Buying a new incubator shaker may seem like a simple job. You could select the same model again, the cheapest version, or the shaker with the fastest delivery time. Nothing to worry about as it’s a simple standard product, so anything will do the job. However, this approach leaves out a vital factor – what quality of results can you expect at the other end of your bioprocess?
The key factors to consider when purchasing any incubator shaker are summarized below:
- The capacity needed
- The type of culture vessel
- Free-standing or stackable systems
- Type of organism to be cultivated
- The final location
All these factors should combine to result in a detailed user requirement specification (URS), defining what is needed and allowing meaningful comparisons when choosing between suppliers. Helping you to reach this point is the aim.
How much capacity do you need?
This covers several separate but related points. As a starting point you should define:
- Your total requirement as litres of culture, total biomass, or the number of separate experiments for screening and statistical analysis.
- How will the cultures be grown: volume per well or tube or flask?
This should determine capacity in terms of numbers of culture vessels. This is also defined by the filling volume for each vessel. A shake flask is typically filled at around 20% of its total volume but much better oxygenation can be achieved if a filling volume of 10-15% is used. This can double the number of shake flasks required, but increased biomass yield may reduce the number of flasks needed.
- Will the containers all be of a single type?
For example, a tray of 2 Litre shake flasks, or mixtures e.g. 10 x 250 mL flasks, 2 Falcon-tube racks, plus some 500 mL flasks. This sort of flexibility will need universal trays and may reduce overall capacity slightly while increasing usage.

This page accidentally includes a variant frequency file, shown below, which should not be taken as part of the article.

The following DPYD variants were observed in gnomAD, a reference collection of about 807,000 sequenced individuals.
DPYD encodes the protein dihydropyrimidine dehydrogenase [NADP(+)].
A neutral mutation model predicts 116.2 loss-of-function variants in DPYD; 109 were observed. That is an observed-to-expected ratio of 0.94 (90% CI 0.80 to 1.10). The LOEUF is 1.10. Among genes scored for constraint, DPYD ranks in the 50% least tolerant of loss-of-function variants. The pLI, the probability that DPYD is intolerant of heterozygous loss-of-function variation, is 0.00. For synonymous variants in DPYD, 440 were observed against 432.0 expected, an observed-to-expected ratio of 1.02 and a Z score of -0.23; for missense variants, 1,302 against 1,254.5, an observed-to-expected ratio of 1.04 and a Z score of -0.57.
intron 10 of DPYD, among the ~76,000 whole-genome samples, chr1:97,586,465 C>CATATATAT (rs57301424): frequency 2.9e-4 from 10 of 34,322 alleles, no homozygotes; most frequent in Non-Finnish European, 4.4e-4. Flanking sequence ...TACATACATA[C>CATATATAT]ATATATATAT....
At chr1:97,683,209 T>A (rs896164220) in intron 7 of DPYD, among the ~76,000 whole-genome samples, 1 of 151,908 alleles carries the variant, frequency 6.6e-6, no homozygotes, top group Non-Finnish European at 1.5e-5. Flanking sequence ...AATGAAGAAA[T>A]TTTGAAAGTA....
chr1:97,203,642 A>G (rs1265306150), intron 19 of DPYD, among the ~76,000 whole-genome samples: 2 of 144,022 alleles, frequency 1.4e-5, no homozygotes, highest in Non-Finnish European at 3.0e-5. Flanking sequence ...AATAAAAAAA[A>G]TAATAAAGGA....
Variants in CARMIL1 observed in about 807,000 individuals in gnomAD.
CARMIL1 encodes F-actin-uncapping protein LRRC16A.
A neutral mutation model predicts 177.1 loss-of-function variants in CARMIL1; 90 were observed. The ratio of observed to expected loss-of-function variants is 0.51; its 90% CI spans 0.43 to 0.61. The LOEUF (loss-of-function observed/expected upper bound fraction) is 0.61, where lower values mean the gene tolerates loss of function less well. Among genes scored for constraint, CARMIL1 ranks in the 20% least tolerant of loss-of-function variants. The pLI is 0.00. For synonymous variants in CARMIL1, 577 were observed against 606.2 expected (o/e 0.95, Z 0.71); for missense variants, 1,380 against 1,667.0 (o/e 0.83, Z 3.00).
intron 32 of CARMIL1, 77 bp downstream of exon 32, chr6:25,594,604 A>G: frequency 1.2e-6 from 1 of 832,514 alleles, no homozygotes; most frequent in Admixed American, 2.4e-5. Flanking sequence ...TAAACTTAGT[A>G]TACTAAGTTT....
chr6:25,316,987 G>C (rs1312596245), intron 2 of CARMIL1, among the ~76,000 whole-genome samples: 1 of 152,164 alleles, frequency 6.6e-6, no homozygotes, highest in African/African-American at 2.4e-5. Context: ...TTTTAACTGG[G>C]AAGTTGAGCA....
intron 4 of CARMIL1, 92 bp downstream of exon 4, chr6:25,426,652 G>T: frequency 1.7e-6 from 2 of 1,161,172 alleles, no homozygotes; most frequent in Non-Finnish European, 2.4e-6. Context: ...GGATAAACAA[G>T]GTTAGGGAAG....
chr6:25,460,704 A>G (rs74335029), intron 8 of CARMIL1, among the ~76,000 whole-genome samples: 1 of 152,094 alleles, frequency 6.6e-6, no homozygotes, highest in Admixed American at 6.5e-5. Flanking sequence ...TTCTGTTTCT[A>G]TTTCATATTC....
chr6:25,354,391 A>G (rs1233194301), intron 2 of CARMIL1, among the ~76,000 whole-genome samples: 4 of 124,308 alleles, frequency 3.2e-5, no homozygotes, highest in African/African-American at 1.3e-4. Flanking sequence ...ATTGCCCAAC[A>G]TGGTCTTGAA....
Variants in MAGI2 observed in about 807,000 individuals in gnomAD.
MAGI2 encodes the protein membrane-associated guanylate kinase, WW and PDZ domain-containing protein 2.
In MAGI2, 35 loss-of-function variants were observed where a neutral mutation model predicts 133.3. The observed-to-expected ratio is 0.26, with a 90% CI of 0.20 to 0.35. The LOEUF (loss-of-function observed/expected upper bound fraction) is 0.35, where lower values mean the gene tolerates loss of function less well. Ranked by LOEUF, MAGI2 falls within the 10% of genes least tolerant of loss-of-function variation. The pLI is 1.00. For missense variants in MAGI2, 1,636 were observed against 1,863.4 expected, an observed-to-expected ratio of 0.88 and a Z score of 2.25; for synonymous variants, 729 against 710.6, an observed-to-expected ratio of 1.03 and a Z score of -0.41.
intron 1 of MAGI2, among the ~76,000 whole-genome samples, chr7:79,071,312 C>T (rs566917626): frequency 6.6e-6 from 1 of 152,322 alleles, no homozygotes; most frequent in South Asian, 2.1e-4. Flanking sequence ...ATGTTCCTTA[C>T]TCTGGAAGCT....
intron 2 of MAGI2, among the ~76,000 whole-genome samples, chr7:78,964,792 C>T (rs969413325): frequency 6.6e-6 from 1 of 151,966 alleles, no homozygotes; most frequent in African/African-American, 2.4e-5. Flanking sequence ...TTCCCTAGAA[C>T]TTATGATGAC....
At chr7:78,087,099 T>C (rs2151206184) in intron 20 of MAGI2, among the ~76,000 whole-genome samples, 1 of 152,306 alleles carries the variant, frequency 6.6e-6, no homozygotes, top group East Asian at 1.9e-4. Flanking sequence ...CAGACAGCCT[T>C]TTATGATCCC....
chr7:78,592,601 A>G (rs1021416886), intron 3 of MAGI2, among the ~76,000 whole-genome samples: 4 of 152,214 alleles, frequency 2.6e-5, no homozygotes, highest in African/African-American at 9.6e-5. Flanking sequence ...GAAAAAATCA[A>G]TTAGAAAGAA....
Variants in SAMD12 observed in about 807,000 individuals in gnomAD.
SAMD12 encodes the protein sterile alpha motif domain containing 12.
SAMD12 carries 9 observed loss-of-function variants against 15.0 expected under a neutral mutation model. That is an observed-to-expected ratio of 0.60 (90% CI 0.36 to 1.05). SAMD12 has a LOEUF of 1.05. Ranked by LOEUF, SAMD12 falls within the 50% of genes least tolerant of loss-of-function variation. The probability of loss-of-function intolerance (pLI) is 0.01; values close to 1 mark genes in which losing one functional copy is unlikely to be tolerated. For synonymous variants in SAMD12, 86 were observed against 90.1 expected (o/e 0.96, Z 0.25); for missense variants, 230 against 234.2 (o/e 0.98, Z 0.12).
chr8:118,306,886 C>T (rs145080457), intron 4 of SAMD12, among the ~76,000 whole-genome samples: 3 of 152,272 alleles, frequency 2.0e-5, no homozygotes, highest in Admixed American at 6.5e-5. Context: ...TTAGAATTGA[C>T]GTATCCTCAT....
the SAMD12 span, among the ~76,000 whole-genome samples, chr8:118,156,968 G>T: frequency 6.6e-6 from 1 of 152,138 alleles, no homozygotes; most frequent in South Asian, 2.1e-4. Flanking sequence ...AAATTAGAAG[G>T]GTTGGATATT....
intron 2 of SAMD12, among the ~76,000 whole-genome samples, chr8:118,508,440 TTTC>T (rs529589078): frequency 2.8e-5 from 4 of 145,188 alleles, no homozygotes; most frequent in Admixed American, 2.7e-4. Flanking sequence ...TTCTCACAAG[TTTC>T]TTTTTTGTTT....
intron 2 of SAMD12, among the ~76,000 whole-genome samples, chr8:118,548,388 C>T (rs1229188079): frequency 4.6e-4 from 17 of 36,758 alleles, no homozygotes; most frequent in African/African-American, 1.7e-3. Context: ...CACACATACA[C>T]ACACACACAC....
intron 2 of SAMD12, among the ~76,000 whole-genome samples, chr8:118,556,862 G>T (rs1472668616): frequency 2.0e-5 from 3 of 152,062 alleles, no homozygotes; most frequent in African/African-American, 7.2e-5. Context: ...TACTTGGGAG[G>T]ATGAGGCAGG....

Which types of culture vessel do you use?
The role of the incubator shaker now includes more than just traditional Erlenmeyer flasks. Shake flasks have several common variants, including the wide, baffled Fernbach flasks, single use flasks as well as special flasks for high-density culture. Racks for test tubes are also commonly used alongside shake flasks. When selecting a dedicated rack make sure that the rack can be angled to improve mixing and encourage better growth. Finally, modern screening and design of experiment (DoE) studies can be performed in various sorts of microwell plates. When this is the main application for a shaker, a dedicated unit with a short 3 mm shaking throw, humidification and special trays can both increase the number of experiments per run and improve the quality of the results.
Typical culture vessels for incubator shakers:
- Shake flasks
- Test tubes
- Microwell plates
The total number and type of culture vessel, including weight, height, and distribution on the shaker tray are required to determine the number of shaker units required, either stacked or as single systems.
Do you need a single system or a stackable solution?
Lower capacity units can be stacked in more locations or mounted under a laboratory bench. Other factors such as total weight, working height and the ability to split up and move individual units can also influence this decision.
Which type of organism will be cultured?
This is the critical point for the actual users (who may or may not be the specifiers). The type of organism to be cultured can have major significance for the specifications of the incubator shaker. For bacteria and yeast, a standard incubator shaker with a 25 mm throw and basic temperature control will do the job. Insect and mammalian cell cultures are at the opposite end of the requirement spectrum. They are more fragile in terms of response to shear stress, affected by more environmental conditions and more prone to contamination.
The key parameters to look out for include:
- Shaking throw
- Shaking speed
- Temperature range
Each of these parameters has its own acceptance criteria. Have a look at our blog post: 5 Key Factors for Reliable Screening Results in Incubator Shakers to learn more about drive capabilities, temperature uniformity and the different types of humidification systems available on the market.